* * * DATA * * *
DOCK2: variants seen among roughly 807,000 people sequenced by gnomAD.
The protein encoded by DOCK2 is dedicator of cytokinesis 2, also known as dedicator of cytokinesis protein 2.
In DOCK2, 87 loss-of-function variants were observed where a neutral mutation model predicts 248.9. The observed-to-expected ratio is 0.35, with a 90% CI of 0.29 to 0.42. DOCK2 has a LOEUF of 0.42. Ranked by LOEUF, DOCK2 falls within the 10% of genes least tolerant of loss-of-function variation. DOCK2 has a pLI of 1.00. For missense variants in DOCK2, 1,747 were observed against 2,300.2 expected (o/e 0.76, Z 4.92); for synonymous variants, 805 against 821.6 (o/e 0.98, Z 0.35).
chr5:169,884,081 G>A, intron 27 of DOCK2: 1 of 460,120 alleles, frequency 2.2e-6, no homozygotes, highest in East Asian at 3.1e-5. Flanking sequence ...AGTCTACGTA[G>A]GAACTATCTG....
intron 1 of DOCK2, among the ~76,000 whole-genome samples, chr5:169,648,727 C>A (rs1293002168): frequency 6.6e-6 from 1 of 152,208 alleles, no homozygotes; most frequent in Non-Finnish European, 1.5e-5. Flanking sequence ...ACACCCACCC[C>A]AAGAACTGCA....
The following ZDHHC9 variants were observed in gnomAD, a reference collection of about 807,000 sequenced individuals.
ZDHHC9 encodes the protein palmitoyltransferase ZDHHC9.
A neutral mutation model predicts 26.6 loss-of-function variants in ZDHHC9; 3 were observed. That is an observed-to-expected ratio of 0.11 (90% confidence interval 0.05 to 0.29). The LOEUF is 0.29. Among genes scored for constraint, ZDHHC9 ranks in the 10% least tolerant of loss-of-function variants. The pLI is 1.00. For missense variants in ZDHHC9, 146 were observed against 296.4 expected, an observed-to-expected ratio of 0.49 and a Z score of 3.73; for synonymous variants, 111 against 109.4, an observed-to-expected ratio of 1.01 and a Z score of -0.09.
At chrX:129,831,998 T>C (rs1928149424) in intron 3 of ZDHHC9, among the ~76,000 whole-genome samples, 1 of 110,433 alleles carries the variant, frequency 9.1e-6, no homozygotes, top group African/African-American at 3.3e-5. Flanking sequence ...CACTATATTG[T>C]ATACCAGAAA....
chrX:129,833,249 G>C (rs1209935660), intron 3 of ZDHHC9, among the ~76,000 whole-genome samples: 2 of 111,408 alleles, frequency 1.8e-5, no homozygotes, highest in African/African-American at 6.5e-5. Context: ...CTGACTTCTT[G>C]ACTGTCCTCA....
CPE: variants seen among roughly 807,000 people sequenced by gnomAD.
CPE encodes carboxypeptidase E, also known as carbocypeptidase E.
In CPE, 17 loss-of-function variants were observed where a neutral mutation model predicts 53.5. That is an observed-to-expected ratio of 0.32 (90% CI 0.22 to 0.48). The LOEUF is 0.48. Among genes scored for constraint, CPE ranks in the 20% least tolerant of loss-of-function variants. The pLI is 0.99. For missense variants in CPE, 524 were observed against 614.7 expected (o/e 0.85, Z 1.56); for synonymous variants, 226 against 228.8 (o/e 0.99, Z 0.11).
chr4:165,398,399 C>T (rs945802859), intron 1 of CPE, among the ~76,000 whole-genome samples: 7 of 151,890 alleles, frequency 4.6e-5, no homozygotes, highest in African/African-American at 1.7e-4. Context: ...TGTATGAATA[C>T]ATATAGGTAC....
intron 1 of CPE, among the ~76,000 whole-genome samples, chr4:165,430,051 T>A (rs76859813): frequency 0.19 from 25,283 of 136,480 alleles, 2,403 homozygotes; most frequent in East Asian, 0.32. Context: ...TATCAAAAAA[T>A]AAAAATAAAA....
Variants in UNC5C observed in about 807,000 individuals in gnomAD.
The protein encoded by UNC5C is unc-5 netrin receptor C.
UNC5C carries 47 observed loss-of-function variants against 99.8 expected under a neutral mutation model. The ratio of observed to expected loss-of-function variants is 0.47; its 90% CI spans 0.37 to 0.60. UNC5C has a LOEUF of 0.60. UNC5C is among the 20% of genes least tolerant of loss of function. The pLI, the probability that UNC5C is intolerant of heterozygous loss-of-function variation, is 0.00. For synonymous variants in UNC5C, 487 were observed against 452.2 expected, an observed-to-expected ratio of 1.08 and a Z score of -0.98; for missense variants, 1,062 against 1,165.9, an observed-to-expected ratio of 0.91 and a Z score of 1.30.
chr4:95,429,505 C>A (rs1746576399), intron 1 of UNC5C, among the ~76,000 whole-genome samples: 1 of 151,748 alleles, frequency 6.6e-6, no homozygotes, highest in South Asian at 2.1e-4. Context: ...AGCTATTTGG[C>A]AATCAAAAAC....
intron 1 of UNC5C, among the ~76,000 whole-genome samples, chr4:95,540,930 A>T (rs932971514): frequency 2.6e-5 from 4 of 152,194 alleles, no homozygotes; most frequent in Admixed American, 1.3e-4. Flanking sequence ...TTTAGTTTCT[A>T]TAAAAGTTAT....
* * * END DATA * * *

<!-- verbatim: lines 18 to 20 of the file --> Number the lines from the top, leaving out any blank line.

UNC5C carries 47 observed loss-of-function variants against 99.8 expected under a neutral mutation model. The ratio of observed to expected loss-of-function variants is 0.47; its 90% CI spans 0.37 to 0.60. UNC5C has a LOEUF of 0.60. UNC5C is among the 20% of genes least tolerant of loss of function. The pLI, the probability that UNC5C is intolerant of heterozygous loss-of-function variation, is 0.00. For synonymous variants in UNC5C, 487 were observed against 452.2 expected, an observed-to-expected ratio of 1.08 and a Z score of -0.98; for missense variants, 1,062 against 1,165.9, an observed-to-expected ratio of 0.91 and a Z score of 1.30.
chr4:95,429,505 C>A (rs1746576399), intron 1 of UNC5C, among the ~76,000 whole-genome samples: 1 of 151,748 alleles, frequency 6.6e-6, no homozygotes, highest in South Asian at 2.1e-4. Context: ...AGCTATTTGG[C>A]AATCAAAAAC....
intron 1 of UNC5C, among the ~76,000 whole-genome samples, chr4:95,540,930 A>T (rs932971514): frequency 2.6e-5 from 4 of 152,194 alleles, no homozygotes; most frequent in Admixed American, 1.3e-4. Flanking sequence ...TTTAGTTTCT[A>T]TAAAAGTTAT....